This makes the poor monks climb further mountains in search of other Zen masters to whom they pose the same questions to get another version of the Truth, after which they must climb yet other mountains. The cartoons abound with upward sloping lines depicting mountain slopes up which monks walk in search of whatever it is they’re searching for. Zen, I think it’s called. It’s a tiring quest. After a while your necks starts straining from all the upward sloping lines you have to follow. You yourself have to be fit to follow the monks! Sometimes the Zen masters are kind and live at the foot of the mountains which makes it easier for the monks and for your straining eyes. Other masters again are eccentric in their habitat, like ‘Bird Nest’ Daolin, who meditated up a tree (p.127). Up a tree on a mountain. This does not make things easier for the monks.
Zen masters have acolytes, protégés and disciples in attendance who receive the monks, and who, if chosen, become elevated to successors. Protégés can be every bit as enigmatic as their Zen masters, but in more mundane ways, not being masters of course. For example, when asked where he is going, a protégé might answer ‘wherever my feet go’ or ‘wherever the wind blows’, except when you actually ask him where they’re going, to which he invariably answers ‘to the market’ (p.69). The trick, you learn, is to actually ask them, and not to merely ask them. Got it? Good. You’re on your way to getting the whole Zen thing.
Sometimes the monks find other people – non-Zen masters – standing in the mountains. When monks ask such people what they are doing there, they answer ‘I’m just standing here’ (p. 51). This has deep Zen significance. Of course, the aim of all this is to find enlightenment. Some monks do eventually find enlightenment, but in unexpected ways. Deshan Xuanjian e.g. found enlightenment the instant someone blew out his candle on a dark night (p.88). Yue of Chaling found enlightenment when he fell off a bridge, along with lots of water (p.121). At which you may ask why he wasn’t extinguished instead. But that would not be a question worthy of Zen. Meditating monks are hermits, but have been known to be supported by women for up to twenty years. Pretty lasses can also bring them food while they meditate. Monks are, as I’ve said, not supposed to lust after women (or anyone for that matter), but they must have compassionate hearts towards them and should respond favourably to their embraces, else the women who support them will burn down their huts (p.105). This has been known to bring a meditating monk rapidly out of transcendence. Serves them right for not performing. From this we conclude that all is not mind, and concur with Rod Stewart that even the president – needs passion.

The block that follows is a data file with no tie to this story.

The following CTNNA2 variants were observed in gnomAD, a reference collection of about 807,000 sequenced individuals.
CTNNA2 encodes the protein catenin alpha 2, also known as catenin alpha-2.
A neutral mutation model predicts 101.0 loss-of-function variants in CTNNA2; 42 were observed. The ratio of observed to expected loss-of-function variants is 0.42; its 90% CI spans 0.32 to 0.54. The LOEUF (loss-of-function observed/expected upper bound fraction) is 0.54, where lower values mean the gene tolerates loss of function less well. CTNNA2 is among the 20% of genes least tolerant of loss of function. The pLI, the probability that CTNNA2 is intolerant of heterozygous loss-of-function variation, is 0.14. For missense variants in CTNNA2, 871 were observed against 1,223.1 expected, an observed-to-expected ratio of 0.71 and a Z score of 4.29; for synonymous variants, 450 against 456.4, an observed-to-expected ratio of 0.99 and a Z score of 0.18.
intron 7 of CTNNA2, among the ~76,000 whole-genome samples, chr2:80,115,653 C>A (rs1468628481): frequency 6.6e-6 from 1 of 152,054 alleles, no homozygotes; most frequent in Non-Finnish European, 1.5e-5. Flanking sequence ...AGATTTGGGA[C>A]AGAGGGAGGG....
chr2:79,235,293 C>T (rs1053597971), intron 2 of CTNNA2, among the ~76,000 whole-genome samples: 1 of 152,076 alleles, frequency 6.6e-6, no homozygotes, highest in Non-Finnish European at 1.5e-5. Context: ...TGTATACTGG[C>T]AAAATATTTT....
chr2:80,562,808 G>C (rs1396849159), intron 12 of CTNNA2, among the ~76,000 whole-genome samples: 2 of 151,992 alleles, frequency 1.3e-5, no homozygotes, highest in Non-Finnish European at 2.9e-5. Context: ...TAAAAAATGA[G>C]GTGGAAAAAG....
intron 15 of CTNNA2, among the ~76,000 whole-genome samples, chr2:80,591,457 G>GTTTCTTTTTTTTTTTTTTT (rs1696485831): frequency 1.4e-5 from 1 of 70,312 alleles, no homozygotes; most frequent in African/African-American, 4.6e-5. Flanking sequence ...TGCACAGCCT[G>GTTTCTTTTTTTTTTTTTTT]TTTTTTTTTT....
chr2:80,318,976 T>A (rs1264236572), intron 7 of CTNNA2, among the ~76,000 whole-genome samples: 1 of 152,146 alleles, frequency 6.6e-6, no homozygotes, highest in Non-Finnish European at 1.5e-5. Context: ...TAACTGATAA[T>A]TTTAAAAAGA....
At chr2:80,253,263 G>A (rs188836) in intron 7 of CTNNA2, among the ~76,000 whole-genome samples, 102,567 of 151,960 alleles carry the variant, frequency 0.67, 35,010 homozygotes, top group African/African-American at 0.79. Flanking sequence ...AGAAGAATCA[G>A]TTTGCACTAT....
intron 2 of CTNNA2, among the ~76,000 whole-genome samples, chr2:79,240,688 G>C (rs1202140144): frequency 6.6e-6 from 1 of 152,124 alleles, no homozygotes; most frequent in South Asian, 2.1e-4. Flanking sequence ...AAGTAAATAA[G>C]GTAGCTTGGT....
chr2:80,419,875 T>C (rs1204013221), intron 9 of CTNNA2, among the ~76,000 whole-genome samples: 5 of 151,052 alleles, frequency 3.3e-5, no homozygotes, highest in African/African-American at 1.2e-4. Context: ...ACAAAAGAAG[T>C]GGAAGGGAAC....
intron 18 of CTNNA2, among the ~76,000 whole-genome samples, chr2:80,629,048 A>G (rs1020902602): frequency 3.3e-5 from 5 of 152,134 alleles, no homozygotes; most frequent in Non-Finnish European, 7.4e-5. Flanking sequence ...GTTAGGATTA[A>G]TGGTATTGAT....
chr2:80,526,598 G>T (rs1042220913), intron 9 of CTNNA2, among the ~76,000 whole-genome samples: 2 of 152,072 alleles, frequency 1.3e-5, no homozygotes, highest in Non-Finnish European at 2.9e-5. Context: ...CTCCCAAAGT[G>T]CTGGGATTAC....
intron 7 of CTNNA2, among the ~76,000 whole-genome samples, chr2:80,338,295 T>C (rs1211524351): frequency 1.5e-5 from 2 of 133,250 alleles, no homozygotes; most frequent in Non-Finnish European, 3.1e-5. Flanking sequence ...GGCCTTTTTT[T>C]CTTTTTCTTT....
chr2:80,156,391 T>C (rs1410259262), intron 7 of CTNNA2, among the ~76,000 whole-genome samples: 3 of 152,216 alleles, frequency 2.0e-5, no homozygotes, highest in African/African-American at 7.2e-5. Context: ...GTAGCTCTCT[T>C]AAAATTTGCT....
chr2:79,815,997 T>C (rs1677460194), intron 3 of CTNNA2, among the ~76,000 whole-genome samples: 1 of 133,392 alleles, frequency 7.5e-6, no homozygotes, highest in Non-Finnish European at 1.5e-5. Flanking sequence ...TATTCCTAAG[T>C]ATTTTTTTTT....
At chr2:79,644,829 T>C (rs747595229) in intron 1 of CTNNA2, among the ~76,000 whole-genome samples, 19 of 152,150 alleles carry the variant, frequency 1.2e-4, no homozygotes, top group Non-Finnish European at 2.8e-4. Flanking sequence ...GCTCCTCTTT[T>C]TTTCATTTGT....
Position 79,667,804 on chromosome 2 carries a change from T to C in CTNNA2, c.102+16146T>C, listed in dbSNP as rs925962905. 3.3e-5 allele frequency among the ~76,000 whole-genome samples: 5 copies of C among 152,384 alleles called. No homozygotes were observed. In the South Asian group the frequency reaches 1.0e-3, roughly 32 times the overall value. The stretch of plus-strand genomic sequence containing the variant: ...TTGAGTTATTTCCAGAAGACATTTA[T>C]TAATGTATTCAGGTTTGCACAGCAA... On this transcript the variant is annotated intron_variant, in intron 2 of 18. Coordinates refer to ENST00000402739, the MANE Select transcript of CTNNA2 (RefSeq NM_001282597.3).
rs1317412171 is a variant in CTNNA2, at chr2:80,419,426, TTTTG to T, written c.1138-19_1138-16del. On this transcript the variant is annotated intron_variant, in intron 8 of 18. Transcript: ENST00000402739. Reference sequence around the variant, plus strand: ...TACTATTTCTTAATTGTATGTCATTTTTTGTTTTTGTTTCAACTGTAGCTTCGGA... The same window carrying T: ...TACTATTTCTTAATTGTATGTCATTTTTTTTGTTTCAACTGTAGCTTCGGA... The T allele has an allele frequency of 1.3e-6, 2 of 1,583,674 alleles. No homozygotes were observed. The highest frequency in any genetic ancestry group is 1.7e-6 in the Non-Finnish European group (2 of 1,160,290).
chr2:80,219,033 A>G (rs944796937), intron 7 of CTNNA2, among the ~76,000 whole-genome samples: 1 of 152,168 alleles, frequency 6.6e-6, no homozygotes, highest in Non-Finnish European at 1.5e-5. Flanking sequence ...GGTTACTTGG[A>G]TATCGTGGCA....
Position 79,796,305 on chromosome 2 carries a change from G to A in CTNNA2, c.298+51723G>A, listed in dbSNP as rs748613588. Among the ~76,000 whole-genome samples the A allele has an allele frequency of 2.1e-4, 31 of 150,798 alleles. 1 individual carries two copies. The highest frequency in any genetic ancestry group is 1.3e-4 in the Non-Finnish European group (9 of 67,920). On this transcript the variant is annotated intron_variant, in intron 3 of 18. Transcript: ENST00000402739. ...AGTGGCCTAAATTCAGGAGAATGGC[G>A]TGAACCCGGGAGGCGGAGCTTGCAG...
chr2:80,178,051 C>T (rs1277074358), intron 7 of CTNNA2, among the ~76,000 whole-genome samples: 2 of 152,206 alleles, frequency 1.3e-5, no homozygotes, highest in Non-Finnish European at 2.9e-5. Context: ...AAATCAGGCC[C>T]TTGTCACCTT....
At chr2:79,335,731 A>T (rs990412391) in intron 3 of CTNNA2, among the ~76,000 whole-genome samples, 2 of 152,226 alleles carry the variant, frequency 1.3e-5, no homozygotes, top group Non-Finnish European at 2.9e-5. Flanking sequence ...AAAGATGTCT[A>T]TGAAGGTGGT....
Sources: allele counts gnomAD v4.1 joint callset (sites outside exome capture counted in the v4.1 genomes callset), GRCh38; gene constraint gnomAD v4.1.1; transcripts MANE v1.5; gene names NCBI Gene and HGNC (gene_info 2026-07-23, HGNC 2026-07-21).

The whole essence of Zen can be wrapped up by ‘to understand or not to understand; be sure to avoid dualistic thinking’ (p.139). After all, Zen is the Middle Way that is neither the one nor the other (p.67). So despair not; for life is all in the breathing (p.20). That, I conclude, is the zing, the very zing – of Zen. If all else fails, at the end of each cartoon an infuriating little man clarifies the moral of the cartoon for you, casting you entirely in the grace of Zen.
You are now in a position to answer the classic Zen question: What is the sound of one hand, clapping?
- ‘The Book of Zen – Freedom of the Mind’. Published in 1990 by Asiapac Publications, ISBN 9971-985-48-9, edited and Illustrated by Tsai Chih Chung and translated from the Chinese by Koh Kok Kiang. As befitting a translator of a book of this nature, Koh Kok Kiang states he is a quietist by inclination. It’s one of those books one idly picks up at a second-hand store, in my case at the Muizenberg market on a blustery Friday evening.
- See ‘The Monk Who Sold His Ferrari’ by Robin Sharma. The title of the piece is perhaps a take-off of ‘Zen and the art of Motorcycle Maintenance’ by Robert M. Persig…
- Alternatively, dharma is the short bamboo on the other side (p.111). Also, bits of it are to be found in a piece of thread from a robe (p.127).
- Practicing the Tao concerns changing one’s clothing and eating (p.76). In addition, Tao holds that the definition of ‘it’ is ‘this’ (p.115).
- The two states are both to gain and to give up. This is the state of harmony (p.120).